There is an old maxim that people should be careful what they wish for. That has never been so true as when looking at tax legislation. For over 200 years the UK did without a statutory residence test. For sure, if someone spent over 182 days in a tax year in the UK, they became resident in the UK. Below this threshold, it became a question of interpretation. This lack of legal certainty was deliberate because it was felt by the Inland Revenue as it then was, that definitive rules would make it easier for individuals to avoid tax. The courts had to look at the pattern of life and in some cases, such as Read v Clarke, this worked in the taxpayer’s favour and in other cases such as Gaines-Cooper it worked in HMRC’s favour.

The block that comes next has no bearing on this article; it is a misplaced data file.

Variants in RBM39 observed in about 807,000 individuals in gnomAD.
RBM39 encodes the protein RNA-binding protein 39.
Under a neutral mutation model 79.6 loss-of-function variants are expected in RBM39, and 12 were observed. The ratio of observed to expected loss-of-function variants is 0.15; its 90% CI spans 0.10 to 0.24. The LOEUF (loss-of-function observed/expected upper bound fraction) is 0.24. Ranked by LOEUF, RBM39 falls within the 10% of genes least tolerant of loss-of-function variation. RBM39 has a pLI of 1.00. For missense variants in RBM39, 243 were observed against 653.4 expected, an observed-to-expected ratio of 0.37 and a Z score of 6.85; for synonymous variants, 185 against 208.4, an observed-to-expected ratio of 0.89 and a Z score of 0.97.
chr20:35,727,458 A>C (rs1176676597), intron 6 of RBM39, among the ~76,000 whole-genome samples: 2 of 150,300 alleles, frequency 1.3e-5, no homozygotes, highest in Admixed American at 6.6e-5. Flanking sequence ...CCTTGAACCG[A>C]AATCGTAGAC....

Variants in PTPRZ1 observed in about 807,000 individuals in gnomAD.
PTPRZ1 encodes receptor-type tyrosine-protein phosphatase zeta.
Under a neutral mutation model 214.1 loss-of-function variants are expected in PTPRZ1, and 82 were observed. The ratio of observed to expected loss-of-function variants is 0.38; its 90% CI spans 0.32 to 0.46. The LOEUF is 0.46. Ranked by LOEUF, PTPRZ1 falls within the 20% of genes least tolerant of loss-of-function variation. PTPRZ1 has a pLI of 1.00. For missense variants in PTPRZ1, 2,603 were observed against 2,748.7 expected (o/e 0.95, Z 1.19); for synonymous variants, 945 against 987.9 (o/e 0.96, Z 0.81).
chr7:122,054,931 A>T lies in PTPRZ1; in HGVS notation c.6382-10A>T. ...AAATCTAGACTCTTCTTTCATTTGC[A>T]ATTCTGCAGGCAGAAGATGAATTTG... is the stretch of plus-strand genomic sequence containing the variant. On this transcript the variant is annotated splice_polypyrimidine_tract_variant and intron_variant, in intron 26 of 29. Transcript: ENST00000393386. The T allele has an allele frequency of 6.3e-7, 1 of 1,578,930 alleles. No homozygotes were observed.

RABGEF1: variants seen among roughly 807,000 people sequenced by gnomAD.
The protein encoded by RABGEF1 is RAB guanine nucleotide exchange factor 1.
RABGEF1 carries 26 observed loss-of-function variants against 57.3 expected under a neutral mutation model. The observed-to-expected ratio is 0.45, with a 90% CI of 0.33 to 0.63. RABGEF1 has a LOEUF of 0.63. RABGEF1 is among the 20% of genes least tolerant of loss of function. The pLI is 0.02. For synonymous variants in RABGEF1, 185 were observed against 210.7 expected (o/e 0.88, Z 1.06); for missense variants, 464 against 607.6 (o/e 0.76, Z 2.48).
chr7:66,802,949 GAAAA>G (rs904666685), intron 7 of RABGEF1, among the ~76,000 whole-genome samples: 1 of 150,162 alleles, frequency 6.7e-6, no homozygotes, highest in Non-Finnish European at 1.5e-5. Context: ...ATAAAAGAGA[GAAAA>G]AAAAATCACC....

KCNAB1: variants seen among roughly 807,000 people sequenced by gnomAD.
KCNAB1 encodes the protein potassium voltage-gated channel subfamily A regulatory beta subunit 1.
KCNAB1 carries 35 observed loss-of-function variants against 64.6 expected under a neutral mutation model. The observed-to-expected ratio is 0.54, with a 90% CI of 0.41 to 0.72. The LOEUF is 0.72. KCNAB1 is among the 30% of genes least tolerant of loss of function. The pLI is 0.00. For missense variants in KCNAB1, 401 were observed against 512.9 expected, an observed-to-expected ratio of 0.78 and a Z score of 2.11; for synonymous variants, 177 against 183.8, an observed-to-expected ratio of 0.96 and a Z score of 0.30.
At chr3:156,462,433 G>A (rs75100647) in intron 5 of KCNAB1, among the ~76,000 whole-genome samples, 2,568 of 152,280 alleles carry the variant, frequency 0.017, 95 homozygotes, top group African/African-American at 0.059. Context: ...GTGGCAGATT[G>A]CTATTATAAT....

As a result of some activities of individuals in the public eye, it was decided to introduce a Statutory Residence Test (SRT) in 2013 for the first time. The effect of this test which is a combination of day count and connecting factors has actually been to make it easier for taxpayers to plan their affairs to escape UK residence and be confident that the “quality” of their residence in the UK, if short, cannot be used to maintain their UK residence status.
The SRT has undoubtedly brought more certainty but that certainty has allowed individuals to escape UK tax more easily. Whilst almost everyone was agreed that a residence test based on statute and specified criteria would make tax law clearer, it has also made tax planning easier to succeed. I am not sure that this was the idea when the change in law came into effect in April 2013.
Primondell runs a number of courses on residence and domicile for professional advisers.